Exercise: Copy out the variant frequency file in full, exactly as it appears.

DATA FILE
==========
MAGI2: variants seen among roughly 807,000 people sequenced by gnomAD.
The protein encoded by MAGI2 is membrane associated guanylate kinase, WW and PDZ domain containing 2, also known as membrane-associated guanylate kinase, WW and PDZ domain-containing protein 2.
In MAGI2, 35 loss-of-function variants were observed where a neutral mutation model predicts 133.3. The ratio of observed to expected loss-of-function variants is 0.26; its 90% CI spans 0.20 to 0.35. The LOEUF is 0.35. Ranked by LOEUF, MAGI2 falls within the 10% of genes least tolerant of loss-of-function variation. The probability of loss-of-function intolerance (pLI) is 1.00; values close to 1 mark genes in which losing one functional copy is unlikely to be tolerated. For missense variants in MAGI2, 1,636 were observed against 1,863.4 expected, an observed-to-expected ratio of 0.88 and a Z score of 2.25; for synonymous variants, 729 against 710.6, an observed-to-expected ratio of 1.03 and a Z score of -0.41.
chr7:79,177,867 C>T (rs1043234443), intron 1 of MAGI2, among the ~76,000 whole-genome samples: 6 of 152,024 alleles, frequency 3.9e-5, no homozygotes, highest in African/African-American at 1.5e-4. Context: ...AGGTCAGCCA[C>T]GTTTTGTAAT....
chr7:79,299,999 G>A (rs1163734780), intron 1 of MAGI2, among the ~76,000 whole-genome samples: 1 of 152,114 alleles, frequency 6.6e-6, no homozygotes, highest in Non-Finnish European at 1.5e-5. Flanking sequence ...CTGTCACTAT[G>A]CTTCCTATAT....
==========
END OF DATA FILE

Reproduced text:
MAGI2: variants seen among roughly 807,000 people sequenced by gnomAD.
The protein encoded by MAGI2 is membrane associated guanylate kinase, WW and PDZ domain containing 2, also known as membrane-associated guanylate kinase, WW and PDZ domain-containing protein 2.
In MAGI2, 35 loss-of-function variants were observed where a neutral mutation model predicts 133.3. The ratio of observed to expected loss-of-function variants is 0.26; its 90% CI spans 0.20 to 0.35. The LOEUF is 0.35. Ranked by LOEUF, MAGI2 falls within the 10% of genes least tolerant of loss-of-function variation. The probability of loss-of-function intolerance (pLI) is 1.00; values close to 1 mark genes in which losing one functional copy is unlikely to be tolerated. For missense variants in MAGI2, 1,636 were observed against 1,863.4 expected, an observed-to-expected ratio of 0.88 and a Z score of 2.25; for synonymous variants, 729 against 710.6, an observed-to-expected ratio of 1.03 and a Z score of -0.41.
chr7:79,177,867 C>T (rs1043234443), intron 1 of MAGI2, among the ~76,000 whole-genome samples: 6 of 152,024 alleles, frequency 3.9e-5, no homozygotes, highest in African/African-American at 1.5e-4. Context: ...AGGTCAGCCA[C>T]GTTTTGTAAT....
chr7:79,299,999 G>A (rs1163734780), intron 1 of MAGI2, among the ~76,000 whole-genome samples: 1 of 152,114 alleles, frequency 6.6e-6, no homozygotes, highest in Non-Finnish European at 1.5e-5. Flanking sequence ...CTGTCACTAT[G>A]CTTCCTATAT....